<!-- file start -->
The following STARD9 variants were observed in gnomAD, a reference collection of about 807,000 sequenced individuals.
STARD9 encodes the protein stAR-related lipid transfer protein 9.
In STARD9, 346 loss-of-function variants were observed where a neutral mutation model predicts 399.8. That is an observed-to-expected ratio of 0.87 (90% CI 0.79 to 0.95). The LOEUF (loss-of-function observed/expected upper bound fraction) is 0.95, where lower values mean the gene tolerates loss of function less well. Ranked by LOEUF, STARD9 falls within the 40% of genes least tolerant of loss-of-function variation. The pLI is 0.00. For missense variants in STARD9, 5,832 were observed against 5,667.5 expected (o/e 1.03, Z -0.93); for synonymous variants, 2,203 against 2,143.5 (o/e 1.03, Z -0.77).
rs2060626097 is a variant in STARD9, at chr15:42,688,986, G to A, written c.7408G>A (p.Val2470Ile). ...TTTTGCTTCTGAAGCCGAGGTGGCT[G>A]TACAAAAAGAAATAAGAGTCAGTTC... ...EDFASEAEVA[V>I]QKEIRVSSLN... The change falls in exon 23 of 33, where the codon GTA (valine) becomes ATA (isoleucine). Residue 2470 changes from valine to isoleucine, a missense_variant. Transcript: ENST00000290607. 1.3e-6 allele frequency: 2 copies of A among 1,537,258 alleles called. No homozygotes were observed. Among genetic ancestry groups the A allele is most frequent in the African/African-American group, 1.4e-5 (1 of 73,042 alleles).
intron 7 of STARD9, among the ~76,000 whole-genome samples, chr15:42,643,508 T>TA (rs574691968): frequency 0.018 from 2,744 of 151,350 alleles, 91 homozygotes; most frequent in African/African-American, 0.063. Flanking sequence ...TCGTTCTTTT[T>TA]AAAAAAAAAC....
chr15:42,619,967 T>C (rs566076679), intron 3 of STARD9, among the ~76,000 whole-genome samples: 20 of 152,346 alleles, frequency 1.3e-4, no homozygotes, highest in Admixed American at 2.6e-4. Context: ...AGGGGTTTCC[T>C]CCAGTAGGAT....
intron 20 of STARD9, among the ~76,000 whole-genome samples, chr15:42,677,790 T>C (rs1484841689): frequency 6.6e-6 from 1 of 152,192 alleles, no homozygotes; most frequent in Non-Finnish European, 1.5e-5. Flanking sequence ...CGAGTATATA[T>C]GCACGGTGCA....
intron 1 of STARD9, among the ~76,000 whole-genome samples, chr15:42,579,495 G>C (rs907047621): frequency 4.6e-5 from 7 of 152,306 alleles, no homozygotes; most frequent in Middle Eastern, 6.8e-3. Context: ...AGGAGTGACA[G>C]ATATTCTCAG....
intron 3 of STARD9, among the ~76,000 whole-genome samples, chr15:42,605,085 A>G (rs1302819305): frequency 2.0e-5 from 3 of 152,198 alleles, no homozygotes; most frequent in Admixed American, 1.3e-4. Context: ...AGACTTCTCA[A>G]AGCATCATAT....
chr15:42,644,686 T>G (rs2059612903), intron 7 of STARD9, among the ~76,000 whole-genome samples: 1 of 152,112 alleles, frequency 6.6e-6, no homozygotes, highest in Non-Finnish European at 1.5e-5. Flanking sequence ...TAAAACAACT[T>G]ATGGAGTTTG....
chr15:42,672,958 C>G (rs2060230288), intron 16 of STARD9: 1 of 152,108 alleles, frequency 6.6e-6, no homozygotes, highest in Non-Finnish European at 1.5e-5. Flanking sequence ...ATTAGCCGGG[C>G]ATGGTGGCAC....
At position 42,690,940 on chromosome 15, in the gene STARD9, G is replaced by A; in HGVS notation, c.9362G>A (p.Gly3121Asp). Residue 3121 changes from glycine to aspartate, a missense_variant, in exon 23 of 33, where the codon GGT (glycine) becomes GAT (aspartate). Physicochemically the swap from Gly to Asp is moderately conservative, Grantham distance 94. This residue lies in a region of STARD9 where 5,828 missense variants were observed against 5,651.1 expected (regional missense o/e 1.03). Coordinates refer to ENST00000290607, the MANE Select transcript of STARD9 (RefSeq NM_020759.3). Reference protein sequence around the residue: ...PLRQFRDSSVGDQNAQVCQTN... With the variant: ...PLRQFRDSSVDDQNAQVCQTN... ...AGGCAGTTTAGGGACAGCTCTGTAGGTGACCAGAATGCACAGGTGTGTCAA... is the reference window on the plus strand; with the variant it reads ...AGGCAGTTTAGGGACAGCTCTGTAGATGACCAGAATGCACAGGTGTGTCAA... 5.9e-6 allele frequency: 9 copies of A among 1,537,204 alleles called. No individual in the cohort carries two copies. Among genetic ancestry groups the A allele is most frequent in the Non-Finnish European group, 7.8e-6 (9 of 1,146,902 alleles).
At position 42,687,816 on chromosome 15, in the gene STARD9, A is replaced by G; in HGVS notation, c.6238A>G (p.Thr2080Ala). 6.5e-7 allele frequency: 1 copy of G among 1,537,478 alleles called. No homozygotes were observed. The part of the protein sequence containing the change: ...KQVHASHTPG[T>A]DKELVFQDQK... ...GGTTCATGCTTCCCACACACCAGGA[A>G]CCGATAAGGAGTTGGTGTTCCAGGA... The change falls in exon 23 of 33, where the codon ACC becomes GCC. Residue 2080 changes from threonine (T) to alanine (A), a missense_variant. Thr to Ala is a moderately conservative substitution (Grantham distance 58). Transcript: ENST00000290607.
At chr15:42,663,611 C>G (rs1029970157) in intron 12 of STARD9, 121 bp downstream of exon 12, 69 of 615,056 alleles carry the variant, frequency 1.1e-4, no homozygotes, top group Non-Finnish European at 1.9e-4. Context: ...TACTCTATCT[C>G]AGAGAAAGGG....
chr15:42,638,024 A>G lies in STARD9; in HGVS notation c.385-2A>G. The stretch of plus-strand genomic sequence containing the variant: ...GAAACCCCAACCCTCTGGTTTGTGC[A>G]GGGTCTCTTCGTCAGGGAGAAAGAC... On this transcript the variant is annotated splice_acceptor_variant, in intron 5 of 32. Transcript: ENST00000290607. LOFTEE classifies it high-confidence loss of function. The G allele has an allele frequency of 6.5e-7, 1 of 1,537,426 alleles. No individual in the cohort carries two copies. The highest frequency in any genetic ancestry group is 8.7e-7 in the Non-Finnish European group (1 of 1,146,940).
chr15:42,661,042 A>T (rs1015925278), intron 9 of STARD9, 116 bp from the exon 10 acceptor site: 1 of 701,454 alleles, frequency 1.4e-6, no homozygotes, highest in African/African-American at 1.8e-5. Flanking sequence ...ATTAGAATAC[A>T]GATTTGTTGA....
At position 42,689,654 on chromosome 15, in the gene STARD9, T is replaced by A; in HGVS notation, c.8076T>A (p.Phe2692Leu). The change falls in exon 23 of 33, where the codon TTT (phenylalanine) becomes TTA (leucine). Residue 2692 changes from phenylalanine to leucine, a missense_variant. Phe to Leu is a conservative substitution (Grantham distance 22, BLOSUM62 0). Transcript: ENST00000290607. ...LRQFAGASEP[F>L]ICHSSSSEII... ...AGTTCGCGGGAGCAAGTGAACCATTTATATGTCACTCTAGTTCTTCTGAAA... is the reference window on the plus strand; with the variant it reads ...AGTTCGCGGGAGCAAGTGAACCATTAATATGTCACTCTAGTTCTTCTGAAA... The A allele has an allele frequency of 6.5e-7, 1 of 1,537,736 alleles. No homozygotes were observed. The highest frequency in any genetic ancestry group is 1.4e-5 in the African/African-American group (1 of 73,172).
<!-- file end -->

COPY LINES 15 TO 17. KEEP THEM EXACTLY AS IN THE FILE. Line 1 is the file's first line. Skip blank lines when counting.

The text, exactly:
chr15:42,638,024 A>G lies in STARD9; in HGVS notation c.385-2A>G. The stretch of plus-strand genomic sequence containing the variant: ...GAAACCCCAACCCTCTGGTTTGTGC[A>G]GGGTCTCTTCGTCAGGGAGAAAGAC... On this transcript the variant is annotated splice_acceptor_variant, in intron 5 of 32. Transcript: ENST00000290607. LOFTEE classifies it high-confidence loss of function. The G allele has an allele frequency of 6.5e-7, 1 of 1,537,426 alleles. No individual in the cohort carries two copies. The highest frequency in any genetic ancestry group is 8.7e-7 in the Non-Finnish European group (1 of 1,146,940).
chr15:42,661,042 A>T (rs1015925278), intron 9 of STARD9, 116 bp from the exon 10 acceptor site: 1 of 701,454 alleles, frequency 1.4e-6, no homozygotes, highest in African/African-American at 1.8e-5. Flanking sequence ...ATTAGAATAC[A>T]GATTTGTTGA....
At position 42,689,654 on chromosome 15, in the gene STARD9, T is replaced by A; in HGVS notation, c.8076T>A (p.Phe2692Leu). The change falls in exon 23 of 33, where the codon TTT (phenylalanine) becomes TTA (leucine). Residue 2692 changes from phenylalanine to leucine, a missense_variant. Phe to Leu is a conservative substitution (Grantham distance 22, BLOSUM62 0). Transcript: ENST00000290607. ...LRQFAGASEP[F>L]ICHSSSSEII... ...AGTTCGCGGGAGCAAGTGAACCATTTATATGTCACTCTAGTTCTTCTGAAA... is the reference window on the plus strand; with the variant it reads ...AGTTCGCGGGAGCAAGTGAACCATTAATATGTCACTCTAGTTCTTCTGAAA... The A allele has an allele frequency of 6.5e-7, 1 of 1,537,736 alleles. No homozygotes were observed. The highest frequency in any genetic ancestry group is 1.4e-5 in the African/African-American group (1 of 73,172).